As the music soars, so will your spirits. Steven Smith, Music Director • Linda Raney, Choral Director • Gregory Heltman, General Director AT THE LENSIC: SANTA FE’S PERFORMING ARTS CENTER

• 505-983-1414

The 2012-2013 season is funded in part by the Santa Fe Arts Commission and the 1% Lodger’s Tax, New Mexico Arts, a division of the Office of Cultural Affairs, and the National Endowment for the Arts.

December 10 Aaron Neville Christmas. Aaron Neville and his quintet perform Christmas classics as well as selections from the R & B artist’s 2010 gospel album. Presented by Heath Concerts. $35–$62, 7:30 pm, The Lensic, 211 W San Francisco, 505-988-1234, December 24 Christmas Eve Concert. Eleven-year-old composer and virtuoso pianist Emily Bear joins the Santa

Fe Concert Association Orchestra for a performance of classical and jazz favorites. $25–$95 (discounts for students), 5–7 pm, The Lensic, 211 W San Francisco, 505-988-1234,

January January 5 New Year’s Eve Gala Dinner & Dance at La Posada de Santa Fe. This festive New Year’s Eve celebration includes dinner, drinks, and a live band as well as a performance by The Harlem Quartet. $325, 7 pm, La Posada de Santa Fe, 330 E Palace, 505-988-1234, January 10 Greg Brown. A concert featuring folk musician and songwriter Greg Brown, who is known for his intimate performances. Presented by Southwest Roots Music. $29–$39, 7:30 pm, St. Francis Auditorium, 107 W Palace, 505-988-1234, January 11–13 Community Opera. Massenet’s Cinderella is performed by professional opera singers as well as the Santa Fe Concert Association’s EPIK Artists—students coached by Joseph Illick and Gina Browning. Free, 7–8 pm, first-come firstseated basis, Scottish Rite Temple, 463 Paseo de Peralta, 505-984-8759, January 12 Santa Fe Snow Shoe Classic. A 3.6-mile snowshoe race at 10,000 feet above sea level with awards, prizes, and a raffle. $15–$25, 10 am, Norski Trails, Hyde Park Road, 505-820-6247, santafesnowshoeclassic2012. January 19 Art + Life Workshops. A daylong papermaking workshop with a discussion, a demonstration, and a lesson focusing on the making of traditional Japanese paper. $145 (materials included), 10 am–4 pm, Jacqueline Mallegni Sculpture, 1521 Upper Canyon, Studio B, 505-692-3474, January 20 Santa Fe Symphony Orchestra & Chorus: Winter Brilliance. A performance of Nielsen’s Maskarade, Rachmaninoff’s Piano Concerto No. 2, and Tchaikovsky’s Symphony No. 5. $20–$40, 4 pm, The Lensic, 211 W San Francisco, 505-988-1234, January 24 Louis Lortie. French-Canadian pianist Louis Lortie performs in a concert presented by the Santa Fe Concert Association. $20–$50, 7:30 pm, St. Francis Auditorium at the New Mexico Museum of Art, 107 W Palace, 505-988-1234,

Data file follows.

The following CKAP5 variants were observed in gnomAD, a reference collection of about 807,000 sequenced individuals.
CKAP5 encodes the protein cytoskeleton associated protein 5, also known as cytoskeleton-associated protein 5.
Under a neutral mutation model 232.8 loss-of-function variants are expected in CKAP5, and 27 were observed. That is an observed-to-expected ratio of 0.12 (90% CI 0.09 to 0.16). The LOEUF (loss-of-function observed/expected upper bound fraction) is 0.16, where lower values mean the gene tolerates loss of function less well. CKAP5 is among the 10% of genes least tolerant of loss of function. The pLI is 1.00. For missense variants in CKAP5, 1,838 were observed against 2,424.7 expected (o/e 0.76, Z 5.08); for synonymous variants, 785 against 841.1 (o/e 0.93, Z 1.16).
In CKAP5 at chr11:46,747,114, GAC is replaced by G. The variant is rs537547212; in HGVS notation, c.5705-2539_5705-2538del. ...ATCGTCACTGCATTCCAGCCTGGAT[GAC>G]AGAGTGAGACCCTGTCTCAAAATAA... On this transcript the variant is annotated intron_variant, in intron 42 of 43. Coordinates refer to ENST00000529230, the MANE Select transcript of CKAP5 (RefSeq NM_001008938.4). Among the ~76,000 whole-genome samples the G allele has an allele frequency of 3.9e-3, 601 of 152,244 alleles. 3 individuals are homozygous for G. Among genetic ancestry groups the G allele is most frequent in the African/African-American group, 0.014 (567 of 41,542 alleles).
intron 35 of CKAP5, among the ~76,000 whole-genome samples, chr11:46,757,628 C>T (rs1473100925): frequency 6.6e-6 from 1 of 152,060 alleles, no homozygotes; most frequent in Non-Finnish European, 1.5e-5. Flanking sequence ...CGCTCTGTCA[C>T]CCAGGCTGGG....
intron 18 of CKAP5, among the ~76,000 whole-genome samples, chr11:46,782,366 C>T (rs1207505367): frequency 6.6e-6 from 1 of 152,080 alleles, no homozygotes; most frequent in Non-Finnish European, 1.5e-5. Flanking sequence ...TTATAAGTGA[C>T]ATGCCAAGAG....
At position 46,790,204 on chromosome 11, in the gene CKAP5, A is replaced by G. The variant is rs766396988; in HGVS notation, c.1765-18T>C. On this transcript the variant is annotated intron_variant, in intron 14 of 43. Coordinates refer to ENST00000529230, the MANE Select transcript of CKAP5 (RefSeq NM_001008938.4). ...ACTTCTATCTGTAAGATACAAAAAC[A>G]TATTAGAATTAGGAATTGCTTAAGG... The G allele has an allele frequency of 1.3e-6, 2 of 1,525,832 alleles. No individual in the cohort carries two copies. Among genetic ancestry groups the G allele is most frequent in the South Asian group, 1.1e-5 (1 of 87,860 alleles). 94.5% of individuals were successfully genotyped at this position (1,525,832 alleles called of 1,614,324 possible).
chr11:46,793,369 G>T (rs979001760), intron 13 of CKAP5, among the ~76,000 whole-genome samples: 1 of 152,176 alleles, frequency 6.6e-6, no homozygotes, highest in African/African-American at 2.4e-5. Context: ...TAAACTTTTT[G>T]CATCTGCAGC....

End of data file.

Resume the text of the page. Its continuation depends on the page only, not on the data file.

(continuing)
300 Years of Romance, Intrigue & History. Your stay becomes extraordinary at the Hilton Santa Fe Historic Plaza. Originally the hacienda of the influential Ortiz Family who settled in Santa Fe in 1694, we offer luxury guestrooms, private casitas and thoughtful touches for the leisure and business traveler alike. For the start of the day, lunch, or a lite dinner El Cañon offers fabulous fare morning, noon & night. Just steps from Santa Fe’s Historic Plaza with fine art galleries, museums and shopping—a unique experience in a unique destination.